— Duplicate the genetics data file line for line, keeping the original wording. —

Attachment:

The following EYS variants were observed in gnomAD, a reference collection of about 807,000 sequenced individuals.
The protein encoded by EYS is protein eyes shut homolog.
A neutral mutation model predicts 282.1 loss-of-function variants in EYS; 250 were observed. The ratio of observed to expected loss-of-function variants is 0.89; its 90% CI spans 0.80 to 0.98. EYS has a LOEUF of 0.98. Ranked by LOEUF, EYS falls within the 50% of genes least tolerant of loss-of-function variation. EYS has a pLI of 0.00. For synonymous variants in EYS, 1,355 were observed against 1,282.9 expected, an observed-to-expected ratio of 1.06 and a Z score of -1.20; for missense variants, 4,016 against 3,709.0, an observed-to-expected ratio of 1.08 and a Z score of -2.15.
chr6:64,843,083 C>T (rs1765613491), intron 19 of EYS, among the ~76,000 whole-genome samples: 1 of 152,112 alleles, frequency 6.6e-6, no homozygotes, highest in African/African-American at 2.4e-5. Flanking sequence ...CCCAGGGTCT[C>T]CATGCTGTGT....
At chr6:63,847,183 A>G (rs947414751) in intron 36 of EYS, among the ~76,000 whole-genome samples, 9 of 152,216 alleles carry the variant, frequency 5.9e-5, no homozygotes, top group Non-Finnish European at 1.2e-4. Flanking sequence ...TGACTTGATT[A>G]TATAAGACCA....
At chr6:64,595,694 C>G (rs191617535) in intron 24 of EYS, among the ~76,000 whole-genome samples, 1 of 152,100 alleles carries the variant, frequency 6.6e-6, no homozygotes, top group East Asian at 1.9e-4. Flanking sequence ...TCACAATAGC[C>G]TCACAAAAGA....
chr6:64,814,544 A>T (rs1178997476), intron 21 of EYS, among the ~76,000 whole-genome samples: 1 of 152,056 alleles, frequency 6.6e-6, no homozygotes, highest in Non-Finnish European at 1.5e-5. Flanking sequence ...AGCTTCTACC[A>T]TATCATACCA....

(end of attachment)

The following EYS variants were observed in gnomAD, a reference collection of about 807,000 sequenced individuals.
The protein encoded by EYS is protein eyes shut homolog.
A neutral mutation model predicts 282.1 loss-of-function variants in EYS; 250 were observed. The ratio of observed to expected loss-of-function variants is 0.89; its 90% CI spans 0.80 to 0.98. EYS has a LOEUF of 0.98. Ranked by LOEUF, EYS falls within the 50% of genes least tolerant of loss-of-function variation. EYS has a pLI of 0.00. For synonymous variants in EYS, 1,355 were observed against 1,282.9 expected, an observed-to-expected ratio of 1.06 and a Z score of -1.20; for missense variants, 4,016 against 3,709.0, an observed-to-expected ratio of 1.08 and a Z score of -2.15.
chr6:64,843,083 C>T (rs1765613491), intron 19 of EYS, among the ~76,000 whole-genome samples: 1 of 152,112 alleles, frequency 6.6e-6, no homozygotes, highest in African/African-American at 2.4e-5. Flanking sequence ...CCCAGGGTCT[C>T]CATGCTGTGT....
At chr6:63,847,183 A>G (rs947414751) in intron 36 of EYS, among the ~76,000 whole-genome samples, 9 of 152,216 alleles carry the variant, frequency 5.9e-5, no homozygotes, top group Non-Finnish European at 1.2e-4. Flanking sequence ...TGACTTGATT[A>G]TATAAGACCA....
At chr6:64,595,694 C>G (rs191617535) in intron 24 of EYS, among the ~76,000 whole-genome samples, 1 of 152,100 alleles carries the variant, frequency 6.6e-6, no homozygotes, top group East Asian at 1.9e-4. Flanking sequence ...TCACAATAGC[C>G]TCACAAAAGA....
chr6:64,814,544 A>T (rs1178997476), intron 21 of EYS, among the ~76,000 whole-genome samples: 1 of 152,056 alleles, frequency 6.6e-6, no homozygotes, highest in Non-Finnish European at 1.5e-5. Flanking sequence ...AGCTTCTACC[A>T]TATCATACCA....